In Latin America, as elsewhere, leftists wanted to build socialist societies, which they believed would end inequalities. Some leftists joined guerrilla movements to battle repressive governments. After building a communist state in Cuba, Fidel Castro supported leftist guerrillas in many other parts of Latin America.
Cold War fears about the spread of Marxism complicated efforts for reform. Many conservatives in Latin America saw any call for reform as a communist threat. The United States often supported military governments and conservative groups that were strongly anti-communist.
Several Central American nations were torn by civil wars as revolutionaries battled authoritarian governments. In 1954, the United States helped the Guatemalan military overthrow an elected, leftist government. Leftists and others fought the military regime, which responded savagely.
The military targeted Guatemala's indigenous, or native, people, slaughtering tens of thousands of Mayans and members of other Indian groups. Fighting ended in 1996, after the government signed a peace accord and held elections.
In El Salvador, too, reformers and leftist revolutionaries challenged the landowning and military elite. During a vicious 12-year civil war, right-wing death squads slaughtered student and labor leaders, church workers, and anyone else thought to sympathize with leftists. One reformer, Archbishop Oscar Romero, was assassinated in 1980 while celebrating mass. In 1992, both sides finally agreed to a UN-brokered peace.
In 1979, the Sandinistas, socialist rebels in Nicaragua, toppled the Somoza family, which had ruled since 1936. The Sandinistas introduced land reform and other socialist measures. Fearing that Nicaragua could become “another Cuba,” U.S. President Ronald Reagan financed the contras, guerrillas who fought the Sandinistas. Fighting raged until 1990, when a peace settlement brought multiparty elections.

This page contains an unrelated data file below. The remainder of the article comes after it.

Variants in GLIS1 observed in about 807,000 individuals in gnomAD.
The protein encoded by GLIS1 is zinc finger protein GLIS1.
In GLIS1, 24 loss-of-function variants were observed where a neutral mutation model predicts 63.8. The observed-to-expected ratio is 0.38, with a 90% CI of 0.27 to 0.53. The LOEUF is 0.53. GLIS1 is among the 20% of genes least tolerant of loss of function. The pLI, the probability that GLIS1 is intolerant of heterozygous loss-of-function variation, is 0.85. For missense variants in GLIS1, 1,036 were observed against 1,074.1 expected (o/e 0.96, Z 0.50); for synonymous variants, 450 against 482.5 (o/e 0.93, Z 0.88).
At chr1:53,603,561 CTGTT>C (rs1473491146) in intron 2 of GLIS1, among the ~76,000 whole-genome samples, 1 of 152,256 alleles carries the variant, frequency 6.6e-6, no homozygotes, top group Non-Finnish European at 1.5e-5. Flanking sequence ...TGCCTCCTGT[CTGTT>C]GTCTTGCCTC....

By the 1990s, international pressure and activists within each country pushed military governments to restore civilian rule. Argentina, Brazil, Chile, and other countries held elections. In some countries, such as Brazil, Venezuela, and Bolivia, leftist leaders won office. Since then, many Latin American countries have experienced the peaceful transition of power from one elected government to the another.
Archbishop Oscar Romero of El Salvador became widely known for defending the poor and oppressed. His sharp criticism of the government gained him a large following, but also many enemies.
Mexico had escaped military rule, but still experienced growing demands for political reform. Between 1930 and 2000, a single political party–the Institutional Revolutionary Party (PRI)–won every election and controlled the government. It claimed to represent all groups in Mexican society from workers and peasants to business and industrial interests as well as the military. Although a few small political parties did exist, PRI bosses moved forcefully against any serious opposition.
Under pressure, the PRI made some reforms in the 1990s. In 2000, Vicente Fox became the first candidate from an opposition party to be elected president.
Fox and later presidents faced tough challenges, ranging from rural poverty to crime, corruption, and violent drug gangs. Despite government pledges for reform, Mexico has remained a disturbing mix of prosperity and poverty. In recent years, some regions of Mexico have suffered from violent crime related to drug trafficking.
What social and political conditions led to civil wars in many Latin American countries?